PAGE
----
Backdated GDP series and future growth -Ashima Goyal
-The Hindu Business Line
The new series data cannot really be faulted. But it is important not to repeat the policy mistakes that hit industrial growth
The 2011-12 base backdated GDP series led to much discussion. The reduction in past growth rates gave them a political colour. It is unfortunate if the independence of the CSO and associated experts is questioned just because of this coincidence. A rebasing that uses much richer datasets and aligns with international concepts must be welcomed.
Although many cynics would deny it, our institutions have become stronger and more expert driven as part of the maturing of the economy, improving the credibility of policy processes. Moreover, the 2011-12 figures give a jolt to both governments.
Growth rates in the UPA regime have fallen, but the sharp fall in growth after 2014-15 points towards adverse effects of some policy choices made by the current regime.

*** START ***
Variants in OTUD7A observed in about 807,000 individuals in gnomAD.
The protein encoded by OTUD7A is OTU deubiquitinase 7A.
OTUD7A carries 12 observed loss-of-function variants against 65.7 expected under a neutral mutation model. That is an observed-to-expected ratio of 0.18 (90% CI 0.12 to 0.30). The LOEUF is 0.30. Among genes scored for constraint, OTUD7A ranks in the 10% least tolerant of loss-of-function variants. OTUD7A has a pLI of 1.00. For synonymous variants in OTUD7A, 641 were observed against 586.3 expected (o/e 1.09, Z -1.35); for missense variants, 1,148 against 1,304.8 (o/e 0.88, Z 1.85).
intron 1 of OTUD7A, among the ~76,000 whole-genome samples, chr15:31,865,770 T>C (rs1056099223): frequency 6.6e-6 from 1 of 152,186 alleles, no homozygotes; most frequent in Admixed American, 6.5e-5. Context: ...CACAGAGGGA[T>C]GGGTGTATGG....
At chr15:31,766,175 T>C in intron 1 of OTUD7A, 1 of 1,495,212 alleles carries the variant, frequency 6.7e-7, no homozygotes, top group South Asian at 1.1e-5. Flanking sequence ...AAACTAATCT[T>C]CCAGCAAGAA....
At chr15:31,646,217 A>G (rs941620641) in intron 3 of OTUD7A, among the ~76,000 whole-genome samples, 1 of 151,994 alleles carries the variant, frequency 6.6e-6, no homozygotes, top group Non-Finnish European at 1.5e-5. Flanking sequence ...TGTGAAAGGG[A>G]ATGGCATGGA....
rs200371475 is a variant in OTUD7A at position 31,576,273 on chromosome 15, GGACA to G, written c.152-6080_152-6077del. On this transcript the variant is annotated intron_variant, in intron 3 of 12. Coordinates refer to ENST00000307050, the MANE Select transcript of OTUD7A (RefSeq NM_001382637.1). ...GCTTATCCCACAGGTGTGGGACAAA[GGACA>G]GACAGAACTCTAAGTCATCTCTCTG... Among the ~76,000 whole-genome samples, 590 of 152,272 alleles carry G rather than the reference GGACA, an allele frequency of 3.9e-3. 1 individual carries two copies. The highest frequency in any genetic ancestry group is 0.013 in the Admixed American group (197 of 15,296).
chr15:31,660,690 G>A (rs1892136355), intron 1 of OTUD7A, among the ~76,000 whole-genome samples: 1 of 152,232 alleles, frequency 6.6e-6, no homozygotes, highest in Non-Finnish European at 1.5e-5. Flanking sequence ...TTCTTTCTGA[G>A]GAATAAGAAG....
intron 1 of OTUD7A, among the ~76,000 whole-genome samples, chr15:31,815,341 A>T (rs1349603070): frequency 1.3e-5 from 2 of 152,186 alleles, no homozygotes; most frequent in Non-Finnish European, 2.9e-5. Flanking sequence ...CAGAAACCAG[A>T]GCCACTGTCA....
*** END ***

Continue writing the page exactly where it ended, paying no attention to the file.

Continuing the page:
Stagnation in industry
Interesting implications for Indian growth can be drawn from the extended consistent series. First, the slowdown in growth pre- and post-2011 continues, although now it is milder. But the fall is very sharp in industry, where the pre- and post-2011 rates are 9 per cent and 6 per cent, respectively.
Industry has the maximum share in investment, which has been slow ever since 2011. There was a brief rise in 2014 but it collapsed again in 2015-16. After this long stagnation some supply side constraints must be appearing, so the current revival will not be a flashy infrastructure-led growth cycle but a slow, steady bottom-driven capacity expansion. To that extent it may be sustainable and imply the manufacturing upturn is robust.
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